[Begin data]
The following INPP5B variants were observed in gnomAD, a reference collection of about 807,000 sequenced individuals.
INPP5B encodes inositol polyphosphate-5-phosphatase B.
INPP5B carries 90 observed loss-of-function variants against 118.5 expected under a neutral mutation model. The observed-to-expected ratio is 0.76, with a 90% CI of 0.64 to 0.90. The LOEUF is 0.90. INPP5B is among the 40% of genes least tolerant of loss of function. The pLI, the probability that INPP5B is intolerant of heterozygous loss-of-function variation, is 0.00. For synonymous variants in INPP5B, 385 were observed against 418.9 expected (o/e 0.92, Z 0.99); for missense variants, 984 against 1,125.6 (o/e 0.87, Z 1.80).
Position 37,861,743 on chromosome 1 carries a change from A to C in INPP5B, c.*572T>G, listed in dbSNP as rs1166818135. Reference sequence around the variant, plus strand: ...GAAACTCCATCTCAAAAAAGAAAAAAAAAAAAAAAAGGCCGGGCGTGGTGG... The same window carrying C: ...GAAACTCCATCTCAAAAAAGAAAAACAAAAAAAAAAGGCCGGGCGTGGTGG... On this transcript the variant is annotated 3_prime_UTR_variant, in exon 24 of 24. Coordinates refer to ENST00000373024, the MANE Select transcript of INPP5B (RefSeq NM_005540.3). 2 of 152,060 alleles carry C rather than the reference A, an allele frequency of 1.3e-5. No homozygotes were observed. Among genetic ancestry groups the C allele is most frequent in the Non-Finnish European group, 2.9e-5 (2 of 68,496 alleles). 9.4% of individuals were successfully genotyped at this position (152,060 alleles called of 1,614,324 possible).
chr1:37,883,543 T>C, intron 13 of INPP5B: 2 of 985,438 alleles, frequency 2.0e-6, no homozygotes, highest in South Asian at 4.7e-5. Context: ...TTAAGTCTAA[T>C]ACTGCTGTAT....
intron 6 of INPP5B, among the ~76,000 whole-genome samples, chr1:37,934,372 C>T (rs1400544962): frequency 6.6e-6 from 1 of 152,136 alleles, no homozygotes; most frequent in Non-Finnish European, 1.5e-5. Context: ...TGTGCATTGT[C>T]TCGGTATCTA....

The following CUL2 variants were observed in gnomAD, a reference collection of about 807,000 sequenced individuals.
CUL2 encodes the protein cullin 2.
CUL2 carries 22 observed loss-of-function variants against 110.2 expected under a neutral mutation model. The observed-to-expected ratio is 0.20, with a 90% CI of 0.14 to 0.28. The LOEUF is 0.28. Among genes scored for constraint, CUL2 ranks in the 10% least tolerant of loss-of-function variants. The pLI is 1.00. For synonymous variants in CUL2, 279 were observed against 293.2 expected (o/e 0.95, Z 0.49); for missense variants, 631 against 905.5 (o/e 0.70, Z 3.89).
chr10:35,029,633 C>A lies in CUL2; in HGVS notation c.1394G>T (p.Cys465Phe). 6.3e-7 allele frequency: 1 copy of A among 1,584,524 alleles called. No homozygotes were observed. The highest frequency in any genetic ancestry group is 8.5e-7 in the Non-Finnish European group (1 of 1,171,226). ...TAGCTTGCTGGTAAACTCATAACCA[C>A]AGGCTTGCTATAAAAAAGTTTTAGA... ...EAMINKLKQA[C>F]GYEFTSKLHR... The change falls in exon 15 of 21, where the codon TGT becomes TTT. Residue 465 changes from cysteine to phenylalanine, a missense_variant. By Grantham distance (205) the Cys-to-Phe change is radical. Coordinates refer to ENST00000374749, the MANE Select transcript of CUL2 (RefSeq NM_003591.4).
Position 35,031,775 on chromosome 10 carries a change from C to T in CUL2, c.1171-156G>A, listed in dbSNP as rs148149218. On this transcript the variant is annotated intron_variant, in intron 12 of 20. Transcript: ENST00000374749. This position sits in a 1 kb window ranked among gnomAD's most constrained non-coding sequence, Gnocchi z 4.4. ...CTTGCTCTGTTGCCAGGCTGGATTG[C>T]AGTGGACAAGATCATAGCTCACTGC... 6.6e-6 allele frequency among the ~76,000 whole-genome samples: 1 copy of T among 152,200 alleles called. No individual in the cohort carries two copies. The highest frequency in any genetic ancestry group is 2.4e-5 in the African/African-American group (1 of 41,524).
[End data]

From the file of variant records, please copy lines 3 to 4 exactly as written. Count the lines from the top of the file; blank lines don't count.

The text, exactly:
INPP5B carries 90 observed loss-of-function variants against 118.5 expected under a neutral mutation model. The observed-to-expected ratio is 0.76, with a 90% CI of 0.64 to 0.90. The LOEUF is 0.90. INPP5B is among the 40% of genes least tolerant of loss of function. The pLI, the probability that INPP5B is intolerant of heterozygous loss-of-function variation, is 0.00. For synonymous variants in INPP5B, 385 were observed against 418.9 expected (o/e 0.92, Z 0.99); for missense variants, 984 against 1,125.6 (o/e 0.87, Z 1.80).
Position 37,861,743 on chromosome 1 carries a change from A to C in INPP5B, c.*572T>G, listed in dbSNP as rs1166818135. Reference sequence around the variant, plus strand: ...GAAACTCCATCTCAAAAAAGAAAAAAAAAAAAAAAAGGCCGGGCGTGGTGG... The same window carrying C: ...GAAACTCCATCTCAAAAAAGAAAAACAAAAAAAAAAGGCCGGGCGTGGTGG... On this transcript the variant is annotated 3_prime_UTR_variant, in exon 24 of 24. Coordinates refer to ENST00000373024, the MANE Select transcript of INPP5B (RefSeq NM_005540.3). 2 of 152,060 alleles carry C rather than the reference A, an allele frequency of 1.3e-5. No homozygotes were observed. Among genetic ancestry groups the C allele is most frequent in the Non-Finnish European group, 2.9e-5 (2 of 68,496 alleles). 9.4% of individuals were successfully genotyped at this position (152,060 alleles called of 1,614,324 possible).